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Ben Hayes - Charlton Athletic programme

Football Finance

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New Investment Fund For Clubs

At least six Football League clubs have begun negotiating with a City-based investment fund in the hope of borrowing money for the close season. The majority are believed to be Coca-Cola Championship clubs. Hero Global Football Fund has been set up to invest in football without taking equity in clubs. Backed by Emirates Bank, Hero plans to raise up to £100m based on minimum subscriptions of £100,000. The money will be made available for buying players and will be secured across the squad rather than against individual players.

Wenger Hits Out At Tax Changes

Arsenal manager Arsene Wenger has said that the era of foreign domination in the Premiership will 'soon be over' due to the declining value of the pound, which makes transfer fees more expensive, and the imposition in last week's Budget of a 50 per cent tax rate on high earners. All Premiership players fall into the £150,000-a-year bracket subject to the highest tax band and Wenger believes this will lead to an exodus of foreign players this month. They could end up paying an extra 16 per cent in tax when one takes account of the elimination of personal allowances for higher earners.

Interest Payments Keep Manchester United in the Red

Manchester United set a record for a British football club for full year sales in the year to June 2008. Turnover was up sharply in its three main areas of activity. Matchday receipts rose by 10 per cent to £101.5m. Commercial income - sponsorship, merchandising and licensing agreements - rose by 14 per cent to £64m. The biggest increase was in TV revenue which, on the strength of United's Champions League truimph, surged 48 per cent to £90.7m. Even so, matchday revenue from the enlarged Old Trafford stadium makes a bigger contribution to turnover.

Big Losses at Pompey

Portsmouth FC made losses of £16.66 m in the 2007-8 financial year, despite winning the FA Cup. The loss was nearly £7m less than the previous year and the club anticipates a further reduction next year. It is hoped to break even by the 2010/11 season. In the meantime, no buyers have been found for the club which has a reported debt of £80m. Last month Pompey postponed ambitious plans to build a new waterside stadium and decided to redevelop Fratton Park, in part because of the global financial crisis.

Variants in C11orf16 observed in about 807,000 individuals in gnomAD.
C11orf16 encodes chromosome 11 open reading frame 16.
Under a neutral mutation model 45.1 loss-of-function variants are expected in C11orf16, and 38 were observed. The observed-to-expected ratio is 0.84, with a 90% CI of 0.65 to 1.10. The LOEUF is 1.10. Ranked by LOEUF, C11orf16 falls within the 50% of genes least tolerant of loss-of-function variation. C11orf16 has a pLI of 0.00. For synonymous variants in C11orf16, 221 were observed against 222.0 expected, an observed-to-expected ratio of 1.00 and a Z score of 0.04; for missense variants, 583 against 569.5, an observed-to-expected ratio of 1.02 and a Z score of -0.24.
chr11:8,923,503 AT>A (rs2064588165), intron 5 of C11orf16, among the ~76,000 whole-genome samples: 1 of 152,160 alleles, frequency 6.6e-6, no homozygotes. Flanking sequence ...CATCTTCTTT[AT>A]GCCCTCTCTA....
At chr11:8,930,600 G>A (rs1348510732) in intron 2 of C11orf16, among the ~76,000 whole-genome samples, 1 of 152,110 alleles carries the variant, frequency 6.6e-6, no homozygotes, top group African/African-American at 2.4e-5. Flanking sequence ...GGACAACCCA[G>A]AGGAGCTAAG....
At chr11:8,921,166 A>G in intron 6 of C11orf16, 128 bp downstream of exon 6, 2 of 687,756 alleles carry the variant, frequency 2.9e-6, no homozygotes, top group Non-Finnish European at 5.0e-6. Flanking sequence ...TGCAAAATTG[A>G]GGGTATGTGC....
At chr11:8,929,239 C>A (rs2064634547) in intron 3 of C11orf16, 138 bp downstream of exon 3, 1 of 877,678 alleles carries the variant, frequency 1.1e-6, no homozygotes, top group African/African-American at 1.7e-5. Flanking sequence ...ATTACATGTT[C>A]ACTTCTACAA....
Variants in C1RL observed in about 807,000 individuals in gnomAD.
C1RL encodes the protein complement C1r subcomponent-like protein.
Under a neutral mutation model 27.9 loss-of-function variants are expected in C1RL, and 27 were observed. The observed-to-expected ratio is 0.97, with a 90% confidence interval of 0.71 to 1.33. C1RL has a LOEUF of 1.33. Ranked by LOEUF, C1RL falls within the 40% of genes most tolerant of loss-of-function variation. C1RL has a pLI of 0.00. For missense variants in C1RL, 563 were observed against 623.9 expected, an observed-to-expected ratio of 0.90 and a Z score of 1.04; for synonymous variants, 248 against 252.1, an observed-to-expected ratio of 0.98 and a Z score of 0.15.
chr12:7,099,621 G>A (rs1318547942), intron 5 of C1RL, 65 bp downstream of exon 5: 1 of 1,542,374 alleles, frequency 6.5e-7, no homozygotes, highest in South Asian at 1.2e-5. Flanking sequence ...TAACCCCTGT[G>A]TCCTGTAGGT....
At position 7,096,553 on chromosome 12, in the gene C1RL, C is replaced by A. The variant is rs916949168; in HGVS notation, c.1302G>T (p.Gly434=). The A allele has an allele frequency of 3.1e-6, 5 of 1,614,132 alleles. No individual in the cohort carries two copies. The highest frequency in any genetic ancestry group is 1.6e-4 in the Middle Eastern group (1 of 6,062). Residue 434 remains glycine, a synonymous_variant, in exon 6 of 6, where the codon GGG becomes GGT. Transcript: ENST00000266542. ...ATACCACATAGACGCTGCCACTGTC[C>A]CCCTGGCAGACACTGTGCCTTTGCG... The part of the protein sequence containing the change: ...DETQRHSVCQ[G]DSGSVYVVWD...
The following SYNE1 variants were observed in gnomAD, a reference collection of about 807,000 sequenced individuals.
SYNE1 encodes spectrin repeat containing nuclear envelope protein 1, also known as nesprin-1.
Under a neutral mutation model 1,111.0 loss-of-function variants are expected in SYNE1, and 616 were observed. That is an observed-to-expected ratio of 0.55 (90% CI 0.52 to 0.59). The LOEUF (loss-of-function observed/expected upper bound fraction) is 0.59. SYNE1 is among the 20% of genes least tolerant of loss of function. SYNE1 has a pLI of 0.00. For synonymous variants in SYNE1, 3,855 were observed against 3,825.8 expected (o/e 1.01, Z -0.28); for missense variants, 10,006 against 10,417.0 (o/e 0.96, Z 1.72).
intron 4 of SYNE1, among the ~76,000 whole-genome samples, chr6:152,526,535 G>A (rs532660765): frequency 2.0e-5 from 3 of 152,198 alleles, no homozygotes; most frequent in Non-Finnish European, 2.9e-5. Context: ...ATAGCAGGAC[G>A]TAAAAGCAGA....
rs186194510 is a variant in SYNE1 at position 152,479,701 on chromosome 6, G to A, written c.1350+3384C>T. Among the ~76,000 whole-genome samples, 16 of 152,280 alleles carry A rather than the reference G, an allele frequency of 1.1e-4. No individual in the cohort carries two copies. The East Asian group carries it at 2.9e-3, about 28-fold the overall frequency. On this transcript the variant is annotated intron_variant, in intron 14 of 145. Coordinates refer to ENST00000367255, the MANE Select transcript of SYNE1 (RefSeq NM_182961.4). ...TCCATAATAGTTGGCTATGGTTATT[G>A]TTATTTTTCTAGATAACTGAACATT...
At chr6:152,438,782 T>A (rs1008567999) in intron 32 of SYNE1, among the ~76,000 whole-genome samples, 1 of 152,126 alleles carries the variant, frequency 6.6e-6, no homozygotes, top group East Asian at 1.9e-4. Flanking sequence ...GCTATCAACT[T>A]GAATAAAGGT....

Why Administration in Football Clubs Common

Going into administration is a very common reorganisation device for football clubs. Research by John Beech at Coventry University says that since 1986 there have been 68 cases of clubs in English leagues becoming insolvent, some of them more than once, although liquidation remains rare. This is because administration is a tactical move by a financially challenged club. You put yourself in administration, proceed to a company voluntary arrangement and re-emerge with new directors and a refreshed balance sheet.

Taxman Goes After Football Players Image Rights

HM Revenue and Customs are launching a clampdown on the way top footballers are paid. They have begun a fresh wave of investigations into so-called 'image rights' payments by Premiership clubs to their players. Wigan Athletic has already confirmed that it has been examined by the authorities. In its most recent accounts the club states that it has 'undergone an investigation by HMRC into the correct operation of PAYE/NI on certain payments and expenses made to/on behalf of employees.' Club chairman David Whelan confirmed that the probe concerned image rights payments.

Football or Arms Race?

Podcast from University of Nottingham, featuring Dr Wyn Morgan.

Under discussion, the state of finance in football in light of the record-breaking Manchester City takeover.

Liverpool FC's Commercial Problems

Liverpool FC may be on track for what their fans hope will be another Champions League triumph which would offset their less satisfying Premiership performance. However, in progressing as far as they have, they are punching above their weight financially. When it comes to money as compared with performance on the pitch, Real Madrid are way ahead of them with a financial Deloitte money list table topping annual revenue of £290m compared with £167m at Liverpool. That puts them seventh in the Deloitte European money league, a quarter-finalist's performance.

Where The Recession Hits Football

Recessions, even prolonged and deep ones, do not hit all businesses equally. Domino's Pizza is an example of a business that has been boosted by the recession as cautious consumers substitute a takeaway for a meal out. Cinemas have also been doing good business, although attendances may have boosted by the success of particular films. The supermarkets that compete on price rather than quality or service have also been doing well. On the other hand, the motor vehicle industry has been hit hard. And estate agents, never the most popular businesses, have also taken a pounding.

Transfer Record Broken

Spending by Premiership clubs on new players in the January transfer window has hit a fresh all-time high of £160m according to Deloitte's sports business group. The amount may still go up because the transfer window was extended because of the bad weather so that deals in progress could be completed, but the total is already well above last year's £150m. Spending between Premiership teams made up around £105m of the £160m. Manchester City and Spurs have been the two biggest spenders.